Tomorrow is G-Day

The world – OK, just a group of phone geeks – is waiting for the launch of the Android phone aka the T-Mobile Dream tomorrow with bated breath. CG will be at the event in force with a liveblog and images but before we walk to the well of hype and drink deep and hearty droughts of orgasmic praise, let’s talk about what Android is and isn’t.

The casual smartphone user is a growing demographic that T-Mobile has consistently strived to serve. From the tween-friendly Sidekick to the entry level Windows Mobile phones like the Wing and the Dash, T-Mobile’s goal has always been to serve the masses and, barring that, sell expensive data plans. It is a noble goal and one I’ve consistently praised them for over the years. The ideal consumer is a smartphone-toting hockey mom who needs to organize her life and Windows Mobile has historically been the OS of choice for entry level phones with some degree of smarts.

The Dream is an excellent move for T-Mobile simply because it removes the Microsoft, Symbian, and Apple taxes from the equation. Instead of creating a whole new operating system for every feature phone – essentially any phone without an operating system a la the LG Vu and the Voyager – that comes down the pike. By saying “We support Android, so feel free to build out your phones on that platform, they are getting a solid base for expansion and allow manufacturers the freedom to avoid phone OS R&D completely and instead focus on hardware and UI.

Just as OS X is based on BSD, Android is based on Linux. This distinction means that both Apple and Google are able to foist the heavy lifting on a band of unpaid volunteers while focusing on usability.

I, unlike the inestimable Sascha Segan, believe that Android is a smartphone play. While most users just want to make calls and take pictures, T-Mobile has proven that the average consumer wouldn’t mind mobile email and Internet when the possibility arises. My hope is that Android eclipses Windows Mobile as the default operating system for higher-end feature phones and, like Symbian, brings email options to lower end phones without adding digits to the price.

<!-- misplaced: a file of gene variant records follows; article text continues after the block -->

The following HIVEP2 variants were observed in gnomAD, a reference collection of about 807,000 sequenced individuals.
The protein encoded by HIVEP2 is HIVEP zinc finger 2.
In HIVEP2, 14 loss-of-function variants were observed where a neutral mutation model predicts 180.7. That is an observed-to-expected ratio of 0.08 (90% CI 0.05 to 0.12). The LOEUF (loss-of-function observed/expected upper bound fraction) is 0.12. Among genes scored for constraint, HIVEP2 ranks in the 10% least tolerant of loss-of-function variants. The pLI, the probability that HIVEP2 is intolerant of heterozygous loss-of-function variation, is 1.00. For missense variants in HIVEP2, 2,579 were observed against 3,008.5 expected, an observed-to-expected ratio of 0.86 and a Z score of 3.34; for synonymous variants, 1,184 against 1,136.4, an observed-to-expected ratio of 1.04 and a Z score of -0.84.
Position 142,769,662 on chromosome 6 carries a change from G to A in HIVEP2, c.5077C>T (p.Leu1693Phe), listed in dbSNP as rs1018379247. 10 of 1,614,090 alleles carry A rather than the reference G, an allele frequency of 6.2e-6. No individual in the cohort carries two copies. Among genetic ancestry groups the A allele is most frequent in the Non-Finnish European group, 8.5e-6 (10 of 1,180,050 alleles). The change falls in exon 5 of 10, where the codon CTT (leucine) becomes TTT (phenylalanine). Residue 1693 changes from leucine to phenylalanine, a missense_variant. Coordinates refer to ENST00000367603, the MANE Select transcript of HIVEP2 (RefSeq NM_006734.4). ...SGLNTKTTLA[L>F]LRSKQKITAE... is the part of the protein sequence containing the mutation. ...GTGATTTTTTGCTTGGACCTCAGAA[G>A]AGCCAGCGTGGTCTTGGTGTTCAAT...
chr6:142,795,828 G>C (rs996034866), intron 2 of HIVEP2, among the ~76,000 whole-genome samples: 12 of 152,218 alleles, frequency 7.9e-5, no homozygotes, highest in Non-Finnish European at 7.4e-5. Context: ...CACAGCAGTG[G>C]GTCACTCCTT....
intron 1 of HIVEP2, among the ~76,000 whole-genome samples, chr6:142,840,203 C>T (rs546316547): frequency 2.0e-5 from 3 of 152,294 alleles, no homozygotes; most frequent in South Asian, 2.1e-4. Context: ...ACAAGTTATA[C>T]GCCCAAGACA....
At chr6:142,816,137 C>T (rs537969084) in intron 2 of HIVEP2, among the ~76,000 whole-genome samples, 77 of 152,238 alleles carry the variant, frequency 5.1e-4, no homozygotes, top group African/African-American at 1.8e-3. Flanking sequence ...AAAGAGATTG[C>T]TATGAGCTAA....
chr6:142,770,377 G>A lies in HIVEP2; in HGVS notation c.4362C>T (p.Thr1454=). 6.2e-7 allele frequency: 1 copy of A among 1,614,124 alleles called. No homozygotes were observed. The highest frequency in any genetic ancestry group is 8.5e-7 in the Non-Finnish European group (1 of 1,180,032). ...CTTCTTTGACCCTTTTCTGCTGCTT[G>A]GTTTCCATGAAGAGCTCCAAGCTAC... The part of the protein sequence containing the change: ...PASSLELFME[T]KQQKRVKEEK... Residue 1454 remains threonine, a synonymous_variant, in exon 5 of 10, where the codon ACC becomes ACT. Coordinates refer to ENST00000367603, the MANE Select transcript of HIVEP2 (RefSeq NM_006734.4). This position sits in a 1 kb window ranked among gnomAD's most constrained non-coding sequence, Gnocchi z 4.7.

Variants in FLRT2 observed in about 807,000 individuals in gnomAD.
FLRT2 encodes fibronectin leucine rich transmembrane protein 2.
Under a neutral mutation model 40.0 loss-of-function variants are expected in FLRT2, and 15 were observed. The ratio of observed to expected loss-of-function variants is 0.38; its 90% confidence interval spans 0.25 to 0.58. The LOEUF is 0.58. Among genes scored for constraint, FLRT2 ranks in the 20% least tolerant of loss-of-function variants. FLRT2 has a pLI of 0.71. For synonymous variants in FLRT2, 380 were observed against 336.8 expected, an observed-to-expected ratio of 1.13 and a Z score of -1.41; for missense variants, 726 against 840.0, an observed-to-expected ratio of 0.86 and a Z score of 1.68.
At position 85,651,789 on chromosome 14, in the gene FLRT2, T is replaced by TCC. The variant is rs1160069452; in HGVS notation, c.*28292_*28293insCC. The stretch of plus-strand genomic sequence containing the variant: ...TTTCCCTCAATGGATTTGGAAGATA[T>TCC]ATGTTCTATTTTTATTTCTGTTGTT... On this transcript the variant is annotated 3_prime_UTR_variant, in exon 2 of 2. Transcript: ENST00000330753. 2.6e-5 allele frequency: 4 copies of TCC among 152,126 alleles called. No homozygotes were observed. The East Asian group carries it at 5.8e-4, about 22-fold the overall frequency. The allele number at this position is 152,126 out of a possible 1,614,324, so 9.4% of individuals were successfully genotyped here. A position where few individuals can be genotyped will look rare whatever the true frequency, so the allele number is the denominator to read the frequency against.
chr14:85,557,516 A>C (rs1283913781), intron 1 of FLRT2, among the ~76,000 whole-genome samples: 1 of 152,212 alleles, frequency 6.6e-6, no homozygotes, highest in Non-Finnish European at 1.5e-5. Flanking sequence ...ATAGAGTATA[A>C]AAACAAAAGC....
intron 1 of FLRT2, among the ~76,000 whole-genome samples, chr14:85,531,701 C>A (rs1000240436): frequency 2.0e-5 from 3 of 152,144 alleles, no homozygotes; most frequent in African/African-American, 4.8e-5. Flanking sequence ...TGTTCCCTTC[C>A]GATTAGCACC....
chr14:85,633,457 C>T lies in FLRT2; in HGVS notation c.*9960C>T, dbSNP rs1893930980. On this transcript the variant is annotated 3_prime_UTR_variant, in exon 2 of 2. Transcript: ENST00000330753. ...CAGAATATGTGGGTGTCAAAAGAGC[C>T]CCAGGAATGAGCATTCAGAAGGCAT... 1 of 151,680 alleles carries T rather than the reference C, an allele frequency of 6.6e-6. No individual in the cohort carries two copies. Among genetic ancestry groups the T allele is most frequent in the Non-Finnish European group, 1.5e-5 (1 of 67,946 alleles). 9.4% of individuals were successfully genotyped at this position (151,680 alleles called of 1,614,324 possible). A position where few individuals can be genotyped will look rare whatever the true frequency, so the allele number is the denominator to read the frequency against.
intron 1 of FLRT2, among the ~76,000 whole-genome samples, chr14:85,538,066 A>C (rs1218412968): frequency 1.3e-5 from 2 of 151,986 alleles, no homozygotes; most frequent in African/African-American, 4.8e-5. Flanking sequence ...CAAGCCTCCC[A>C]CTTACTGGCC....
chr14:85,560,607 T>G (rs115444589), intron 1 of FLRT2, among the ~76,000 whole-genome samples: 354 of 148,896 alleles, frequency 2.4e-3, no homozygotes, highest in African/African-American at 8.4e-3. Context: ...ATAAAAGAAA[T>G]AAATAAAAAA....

Android is also a branding play. By becoming part of the mobile Internet backbone, Android will grab eyeballs for Google services. Adding advertising is trivial and presumably Google has some ability to track what Android users are looking at and doing. While this functionality should worry privacy advocates, most folks are willing to pay $50 for a smartphone that phones home than $299 for one that is fairly staid in its squealing.

It isn’t an iPhone beater, that much is clear. It is a solid operating system onto which manufacturers can hitch their proprietary applications. It is an exciting development simply because it adds another player to a tight and highly competitive market.

Cellphone operating systems are hard. Just ask everyone who is trying to beat the iPhone. Google has the time, the money, and the talent to get Android right. Here’s hoping the hype matches reality tomorrow at 10:30 Eastern.